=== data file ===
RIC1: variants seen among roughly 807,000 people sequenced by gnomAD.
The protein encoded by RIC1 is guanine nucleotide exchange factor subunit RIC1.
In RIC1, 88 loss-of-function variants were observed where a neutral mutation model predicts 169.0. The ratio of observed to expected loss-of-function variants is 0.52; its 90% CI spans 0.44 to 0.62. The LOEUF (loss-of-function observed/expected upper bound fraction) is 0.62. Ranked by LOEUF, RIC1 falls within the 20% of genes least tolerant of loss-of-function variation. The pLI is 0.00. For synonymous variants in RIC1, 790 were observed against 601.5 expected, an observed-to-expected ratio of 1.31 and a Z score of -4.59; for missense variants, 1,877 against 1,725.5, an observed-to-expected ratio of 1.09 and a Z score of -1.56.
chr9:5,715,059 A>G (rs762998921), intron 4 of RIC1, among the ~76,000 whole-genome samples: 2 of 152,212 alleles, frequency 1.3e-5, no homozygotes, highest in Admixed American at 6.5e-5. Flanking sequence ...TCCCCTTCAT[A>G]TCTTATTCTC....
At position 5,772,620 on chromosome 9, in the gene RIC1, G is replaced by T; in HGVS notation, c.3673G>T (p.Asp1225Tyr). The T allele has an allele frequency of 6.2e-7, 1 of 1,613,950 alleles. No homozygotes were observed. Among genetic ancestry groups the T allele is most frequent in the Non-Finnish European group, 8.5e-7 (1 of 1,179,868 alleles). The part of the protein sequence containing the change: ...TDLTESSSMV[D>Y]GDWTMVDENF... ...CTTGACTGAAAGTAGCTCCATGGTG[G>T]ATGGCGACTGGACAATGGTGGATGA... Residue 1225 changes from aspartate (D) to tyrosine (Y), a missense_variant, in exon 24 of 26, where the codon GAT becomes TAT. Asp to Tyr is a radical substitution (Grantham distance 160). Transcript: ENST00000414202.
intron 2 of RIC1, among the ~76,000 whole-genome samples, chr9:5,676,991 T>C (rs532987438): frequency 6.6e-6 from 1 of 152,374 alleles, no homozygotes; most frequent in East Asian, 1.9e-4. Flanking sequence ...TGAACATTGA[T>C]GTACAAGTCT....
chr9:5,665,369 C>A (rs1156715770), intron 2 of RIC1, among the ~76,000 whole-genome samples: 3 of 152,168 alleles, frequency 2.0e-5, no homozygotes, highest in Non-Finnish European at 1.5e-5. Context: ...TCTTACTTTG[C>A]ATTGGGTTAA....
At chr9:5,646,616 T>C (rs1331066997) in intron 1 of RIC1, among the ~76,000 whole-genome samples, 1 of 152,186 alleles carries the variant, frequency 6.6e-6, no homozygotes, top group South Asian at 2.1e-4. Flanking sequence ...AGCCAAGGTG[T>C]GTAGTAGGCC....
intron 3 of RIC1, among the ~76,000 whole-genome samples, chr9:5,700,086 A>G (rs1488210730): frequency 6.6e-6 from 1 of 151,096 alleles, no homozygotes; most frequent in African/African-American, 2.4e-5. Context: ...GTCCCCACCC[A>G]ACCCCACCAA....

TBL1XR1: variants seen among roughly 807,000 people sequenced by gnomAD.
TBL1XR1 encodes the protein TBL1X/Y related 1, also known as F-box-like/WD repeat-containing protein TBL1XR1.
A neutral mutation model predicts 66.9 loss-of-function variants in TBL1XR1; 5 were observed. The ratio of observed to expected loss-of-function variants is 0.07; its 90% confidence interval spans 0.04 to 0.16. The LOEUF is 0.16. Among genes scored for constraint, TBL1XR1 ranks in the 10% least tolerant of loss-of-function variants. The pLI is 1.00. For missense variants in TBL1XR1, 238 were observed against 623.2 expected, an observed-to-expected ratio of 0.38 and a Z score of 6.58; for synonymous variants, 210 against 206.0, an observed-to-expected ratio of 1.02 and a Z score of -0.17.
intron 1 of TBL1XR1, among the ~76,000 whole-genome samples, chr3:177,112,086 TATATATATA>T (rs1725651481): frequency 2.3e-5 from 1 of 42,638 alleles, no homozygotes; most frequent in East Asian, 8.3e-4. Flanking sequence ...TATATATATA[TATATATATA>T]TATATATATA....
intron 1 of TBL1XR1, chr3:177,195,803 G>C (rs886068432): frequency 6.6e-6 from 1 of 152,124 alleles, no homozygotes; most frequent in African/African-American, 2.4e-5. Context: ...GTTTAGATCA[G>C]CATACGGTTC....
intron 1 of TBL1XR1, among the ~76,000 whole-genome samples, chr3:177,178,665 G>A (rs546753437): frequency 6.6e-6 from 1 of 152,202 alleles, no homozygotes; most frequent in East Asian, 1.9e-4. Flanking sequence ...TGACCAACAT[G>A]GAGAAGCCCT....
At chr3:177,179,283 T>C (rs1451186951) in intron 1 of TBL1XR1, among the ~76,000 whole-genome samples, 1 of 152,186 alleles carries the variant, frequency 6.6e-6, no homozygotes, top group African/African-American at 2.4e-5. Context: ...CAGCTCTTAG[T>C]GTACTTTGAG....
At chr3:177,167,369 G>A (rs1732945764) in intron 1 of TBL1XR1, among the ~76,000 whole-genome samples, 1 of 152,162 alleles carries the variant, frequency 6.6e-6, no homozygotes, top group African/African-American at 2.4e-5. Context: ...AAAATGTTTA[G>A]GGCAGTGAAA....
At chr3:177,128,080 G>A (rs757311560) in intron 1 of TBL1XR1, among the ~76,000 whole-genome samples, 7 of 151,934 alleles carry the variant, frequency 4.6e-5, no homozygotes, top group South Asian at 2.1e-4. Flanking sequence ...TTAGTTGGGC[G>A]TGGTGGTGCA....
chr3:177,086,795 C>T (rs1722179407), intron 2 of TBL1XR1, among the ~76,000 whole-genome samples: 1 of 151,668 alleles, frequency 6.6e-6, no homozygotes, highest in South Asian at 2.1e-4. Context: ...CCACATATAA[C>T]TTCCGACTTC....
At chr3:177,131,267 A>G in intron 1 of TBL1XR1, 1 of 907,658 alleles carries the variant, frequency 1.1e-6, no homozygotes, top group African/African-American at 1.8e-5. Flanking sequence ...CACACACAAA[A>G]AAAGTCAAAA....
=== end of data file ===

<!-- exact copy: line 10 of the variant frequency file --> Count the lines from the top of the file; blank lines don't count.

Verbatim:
TBL1XR1: variants seen among roughly 807,000 people sequenced by gnomAD.